Protecting your home with shade trees is one of the cheapest, most natural and aesthetically leasing improvements you can make. Not only will your house look and feel cooler, you’ll be saving on your energy bills and sparing the environment while you’re at it.Deciduous or leaf-shedding trees planted on the south and west sides of your home reduce your dependence on air conditioning. Large leafy trees that shade your roof from the hot afternoon sun can cut temperatures by as much as four or five degrees Celsius, reducing cooling costs by up to 40 per cent.

Trees also provide environmental benefits such as reducing air pollution, providing a natural habitat for wildlife, sequestering carbon dioxide from the air and mitigating storm water runoff.

While getting a tree to grow large enough to take advantage of its shade can take patience and a good many years, there are options that require less time. Here is a look at some fast-growing trees that will shade your home in no time.

The Hybrid Poplar is a fast grower at five to eight feet of new growth per year. It is also the most disease resistant and longest lived of all the hybrid poplars with a life expectancy that exceeds 40 years. It grows in a wide variety of soils and climates. It matures to 60-feet tall and 30-feet wide and could provide cooling shade for your home or yard in as little as three years.

The Autumn Blaze is an extremely fast-growing maple with brilliant red fall color. Under good conditions it can grow three feet or more per year. It is tolerant of clay soils and drought and has a dense, oval head with strong branching. This tree grows in a wide range of climates as high as 50 feet.

The Silver Maple and the Red Maple are very common in eastern North America and are pretty quick growers. The Silver grows to 100 feet.

The Canada Red Chokecherry is a small ornamental deciduous tree that has a beautiful spring floral display with clusters of dainty white flowers, followed by purple fruits. The foliage emerges as bright green turning to a maroon-red in early summer and keeps this color through fall. The tree grows one to two feet per year to a mature height of 20 to 30 feet.

The Weeping Willow is a fast grower with growth rates of three to eight feet per year. While these are known to grow especially well near water there are a variety of hybrids available that are better suited to drier conditions.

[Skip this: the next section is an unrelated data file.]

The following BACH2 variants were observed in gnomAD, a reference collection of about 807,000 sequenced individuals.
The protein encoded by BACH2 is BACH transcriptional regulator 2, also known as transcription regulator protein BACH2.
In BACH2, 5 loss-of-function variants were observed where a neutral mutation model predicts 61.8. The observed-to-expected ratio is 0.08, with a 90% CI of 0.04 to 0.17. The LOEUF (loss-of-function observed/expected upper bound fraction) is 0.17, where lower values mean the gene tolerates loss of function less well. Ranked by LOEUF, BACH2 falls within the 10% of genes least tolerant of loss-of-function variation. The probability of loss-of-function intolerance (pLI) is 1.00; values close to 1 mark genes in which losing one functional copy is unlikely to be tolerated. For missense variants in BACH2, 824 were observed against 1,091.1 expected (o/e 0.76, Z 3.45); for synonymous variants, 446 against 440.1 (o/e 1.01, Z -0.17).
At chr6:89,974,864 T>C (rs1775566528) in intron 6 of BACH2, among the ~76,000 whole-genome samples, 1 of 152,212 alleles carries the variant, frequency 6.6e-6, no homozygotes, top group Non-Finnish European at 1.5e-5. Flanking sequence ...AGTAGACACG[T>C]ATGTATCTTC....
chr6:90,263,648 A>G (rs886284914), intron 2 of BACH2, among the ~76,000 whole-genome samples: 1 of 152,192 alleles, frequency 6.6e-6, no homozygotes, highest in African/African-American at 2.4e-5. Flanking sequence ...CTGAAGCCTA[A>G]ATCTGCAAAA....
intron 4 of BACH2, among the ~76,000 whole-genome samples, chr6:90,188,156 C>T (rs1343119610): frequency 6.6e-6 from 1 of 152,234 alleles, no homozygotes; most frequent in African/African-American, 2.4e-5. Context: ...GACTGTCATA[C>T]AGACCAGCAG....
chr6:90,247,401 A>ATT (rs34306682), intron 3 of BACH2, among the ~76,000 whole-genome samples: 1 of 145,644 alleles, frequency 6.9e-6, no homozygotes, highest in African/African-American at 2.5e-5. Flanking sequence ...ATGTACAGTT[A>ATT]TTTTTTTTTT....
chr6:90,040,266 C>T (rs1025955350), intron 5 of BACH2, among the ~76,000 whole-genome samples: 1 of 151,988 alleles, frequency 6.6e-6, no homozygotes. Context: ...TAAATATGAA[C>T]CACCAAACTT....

The Tulip Tree is known for its beautiful yellow-orange spring flowers and unusual leaves shaped like tulip silhouettes. They grow 15 to 18 inches per year and can reach up to 100 feet. They are good for Zones 5 to 9.

Last year, Ryerson University professor Andrew Millward published a study that showed the environmental benefits of planting trees. Professor Millward and his research team used an online tool to measure the energy savings generated by 577 trees planted by Torontonians on their property between 1997 and 2000. The online tool allowed homeowners to select their city, tree species and location to plant.

The tool – known as the Ontario Residential Tree
Benefits Estimator — provides an estimate of the energy savings, reduction in air pollution and other conservation benefits. Visithttp://www.yourleaf.org/estimator to check it out and then head on down to your nearest garden centre.

The National Association of Green Agents and Brokers (NAGAB) provide a Greenbroker and Greenagent certification program to Realtors across Canada. To get more information or to sign up for a course, visit www.nagab.org. Elden Freeman M.E.S., AGB, broker is the founder and executive director of the non-
profit organization. 1-877-524-9494 Email elden@nagab.org.

The data included on this website is deemed to be reliable, but is not guaranteed to be accurate by the Toronto Real Estate Board. The trademarks REALTOR®, REALTORS® and the REALTOR® logo are controlled by The Canadian Real Estate Association (CREA) and identify real estate professionals who are members of CREA. Used under license.